In his How High the Moon chair, designer Shiro Kuramata utilizes an industrial material, steel mesh, to give a contemporary interpretation to the traditional club chair. The shape and proportions are based on an established Western form—a bulky, deeply upholstered easy chair with a low back and deep arms—but here, Kuramata’s use of an unexpected material transforms the volume into a seemingly weightless and nearly transparent piece of furniture. Its ethereal look is airy and fragile. The form sits on four short cylindrical feet, appearing to hover above the floor, adding to a floating quality. Named for a Duke Ellington jazz piece, the chair is essentially the outline of a chair. Its planar sheets of welded metal mesh form both its structure and upholstery, one in the same. The mesh is hard but has some flexibility, so offers a degree of comfort to the seated human body. How High the Moon illustrates Kuramata’s roots in a Japanese minimal aesthetic while also expressing his contemporary take on the ironies of form and function, grounded in his desire to experiment with industrial materials.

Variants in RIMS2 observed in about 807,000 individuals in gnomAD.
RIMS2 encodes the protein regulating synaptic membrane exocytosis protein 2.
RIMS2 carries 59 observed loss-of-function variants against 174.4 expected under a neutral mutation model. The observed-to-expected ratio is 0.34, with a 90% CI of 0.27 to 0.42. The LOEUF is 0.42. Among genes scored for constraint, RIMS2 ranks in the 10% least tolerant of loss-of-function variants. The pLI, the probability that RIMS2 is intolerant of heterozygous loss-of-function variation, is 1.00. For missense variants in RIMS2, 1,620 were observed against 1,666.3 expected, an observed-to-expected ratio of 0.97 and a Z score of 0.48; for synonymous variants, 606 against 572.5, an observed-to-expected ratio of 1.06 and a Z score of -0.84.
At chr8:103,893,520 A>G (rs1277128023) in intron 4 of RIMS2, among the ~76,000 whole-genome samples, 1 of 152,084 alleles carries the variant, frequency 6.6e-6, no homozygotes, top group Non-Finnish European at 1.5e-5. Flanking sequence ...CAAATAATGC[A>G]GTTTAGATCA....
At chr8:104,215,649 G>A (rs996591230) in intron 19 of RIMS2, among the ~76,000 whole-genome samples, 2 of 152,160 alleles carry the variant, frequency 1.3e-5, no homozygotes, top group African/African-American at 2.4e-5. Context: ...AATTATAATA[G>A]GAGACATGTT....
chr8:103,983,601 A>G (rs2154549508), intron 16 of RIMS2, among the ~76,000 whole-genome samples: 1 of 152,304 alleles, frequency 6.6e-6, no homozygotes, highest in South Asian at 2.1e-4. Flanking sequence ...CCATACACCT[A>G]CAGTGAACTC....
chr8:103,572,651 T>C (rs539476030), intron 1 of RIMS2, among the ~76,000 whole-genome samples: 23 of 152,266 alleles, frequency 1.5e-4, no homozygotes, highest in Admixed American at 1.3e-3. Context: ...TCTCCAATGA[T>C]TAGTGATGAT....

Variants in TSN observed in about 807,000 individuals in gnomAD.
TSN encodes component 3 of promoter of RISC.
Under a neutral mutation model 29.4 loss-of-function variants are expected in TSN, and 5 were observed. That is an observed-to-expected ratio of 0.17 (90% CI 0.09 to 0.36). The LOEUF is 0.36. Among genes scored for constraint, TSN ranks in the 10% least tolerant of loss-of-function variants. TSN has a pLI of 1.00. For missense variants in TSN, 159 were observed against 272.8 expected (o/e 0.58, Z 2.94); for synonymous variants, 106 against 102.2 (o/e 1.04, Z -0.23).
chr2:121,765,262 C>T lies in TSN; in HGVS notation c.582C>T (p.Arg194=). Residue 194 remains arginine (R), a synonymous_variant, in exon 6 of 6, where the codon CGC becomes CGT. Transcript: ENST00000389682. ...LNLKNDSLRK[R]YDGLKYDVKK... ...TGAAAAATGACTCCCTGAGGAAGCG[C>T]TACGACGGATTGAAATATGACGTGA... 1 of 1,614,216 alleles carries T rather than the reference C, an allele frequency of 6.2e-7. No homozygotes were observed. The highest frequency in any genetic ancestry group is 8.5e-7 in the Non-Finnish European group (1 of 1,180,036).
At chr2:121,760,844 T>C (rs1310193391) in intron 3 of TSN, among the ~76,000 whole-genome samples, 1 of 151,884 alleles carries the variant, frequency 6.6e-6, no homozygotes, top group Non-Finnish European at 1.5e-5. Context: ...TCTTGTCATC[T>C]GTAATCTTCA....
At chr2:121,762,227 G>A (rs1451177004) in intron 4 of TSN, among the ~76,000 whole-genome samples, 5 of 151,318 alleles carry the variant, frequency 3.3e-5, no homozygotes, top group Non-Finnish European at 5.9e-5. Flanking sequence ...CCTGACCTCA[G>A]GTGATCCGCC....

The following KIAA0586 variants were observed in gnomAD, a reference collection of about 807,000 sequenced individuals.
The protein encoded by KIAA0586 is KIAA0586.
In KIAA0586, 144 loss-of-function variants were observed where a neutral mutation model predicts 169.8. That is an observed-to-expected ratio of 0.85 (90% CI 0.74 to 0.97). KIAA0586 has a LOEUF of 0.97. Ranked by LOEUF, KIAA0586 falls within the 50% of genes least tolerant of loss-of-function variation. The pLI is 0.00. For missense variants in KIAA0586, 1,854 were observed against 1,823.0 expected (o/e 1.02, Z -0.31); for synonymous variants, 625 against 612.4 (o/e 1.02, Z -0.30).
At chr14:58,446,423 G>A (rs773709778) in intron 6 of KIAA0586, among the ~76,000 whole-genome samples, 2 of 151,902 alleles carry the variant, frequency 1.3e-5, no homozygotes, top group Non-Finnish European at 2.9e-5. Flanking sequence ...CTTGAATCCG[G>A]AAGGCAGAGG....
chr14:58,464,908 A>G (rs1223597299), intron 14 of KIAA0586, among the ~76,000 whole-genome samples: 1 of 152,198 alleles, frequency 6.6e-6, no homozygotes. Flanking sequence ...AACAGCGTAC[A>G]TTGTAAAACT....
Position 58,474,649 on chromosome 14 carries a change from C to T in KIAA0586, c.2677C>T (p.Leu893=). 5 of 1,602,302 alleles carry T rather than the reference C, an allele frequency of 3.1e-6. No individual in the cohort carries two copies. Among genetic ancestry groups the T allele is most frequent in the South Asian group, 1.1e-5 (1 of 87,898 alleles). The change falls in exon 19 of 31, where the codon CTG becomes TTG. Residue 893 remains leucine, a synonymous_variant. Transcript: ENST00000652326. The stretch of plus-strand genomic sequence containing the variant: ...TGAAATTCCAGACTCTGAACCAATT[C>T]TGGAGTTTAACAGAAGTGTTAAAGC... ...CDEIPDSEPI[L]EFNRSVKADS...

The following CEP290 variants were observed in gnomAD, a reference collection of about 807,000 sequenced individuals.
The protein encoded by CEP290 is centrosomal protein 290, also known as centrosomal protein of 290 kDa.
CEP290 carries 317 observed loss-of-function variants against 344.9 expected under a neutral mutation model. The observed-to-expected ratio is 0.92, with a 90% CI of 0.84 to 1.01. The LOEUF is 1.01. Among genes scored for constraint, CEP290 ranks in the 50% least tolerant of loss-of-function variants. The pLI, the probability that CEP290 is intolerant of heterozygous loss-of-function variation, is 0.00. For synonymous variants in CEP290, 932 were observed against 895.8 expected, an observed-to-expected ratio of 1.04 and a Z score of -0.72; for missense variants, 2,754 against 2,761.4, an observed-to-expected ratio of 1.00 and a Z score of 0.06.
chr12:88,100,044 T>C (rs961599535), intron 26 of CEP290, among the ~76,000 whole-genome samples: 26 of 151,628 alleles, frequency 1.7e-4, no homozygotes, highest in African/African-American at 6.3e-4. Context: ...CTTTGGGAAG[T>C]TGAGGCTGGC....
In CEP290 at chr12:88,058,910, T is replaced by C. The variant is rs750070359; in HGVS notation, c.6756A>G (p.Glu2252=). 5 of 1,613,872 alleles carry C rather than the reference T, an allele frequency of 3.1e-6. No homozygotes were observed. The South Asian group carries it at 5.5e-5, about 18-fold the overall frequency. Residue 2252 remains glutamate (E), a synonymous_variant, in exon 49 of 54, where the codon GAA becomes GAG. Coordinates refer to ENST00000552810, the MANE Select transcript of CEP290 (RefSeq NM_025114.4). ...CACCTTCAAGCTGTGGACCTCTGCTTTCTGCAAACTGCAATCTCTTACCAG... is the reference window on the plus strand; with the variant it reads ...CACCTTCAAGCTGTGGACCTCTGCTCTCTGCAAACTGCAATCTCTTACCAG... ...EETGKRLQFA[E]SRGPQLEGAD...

- How High the Moon Armchair, Designed 1986; this example manufactured 1999; Designed by Shiro Kuramata (Japanese, 1934 - 1991); Manufactured by Vitra AG (Birsfelden, Switzerland); Die-cut, assembled and welded nickel-plated steel rib mesh; H x W x D: 72.2 × 95 × 83 cm (28 7/16 × 37 3/8 × 32 11/16 in.); Gift of Pulitzer Arts Foundation; 2016-40-1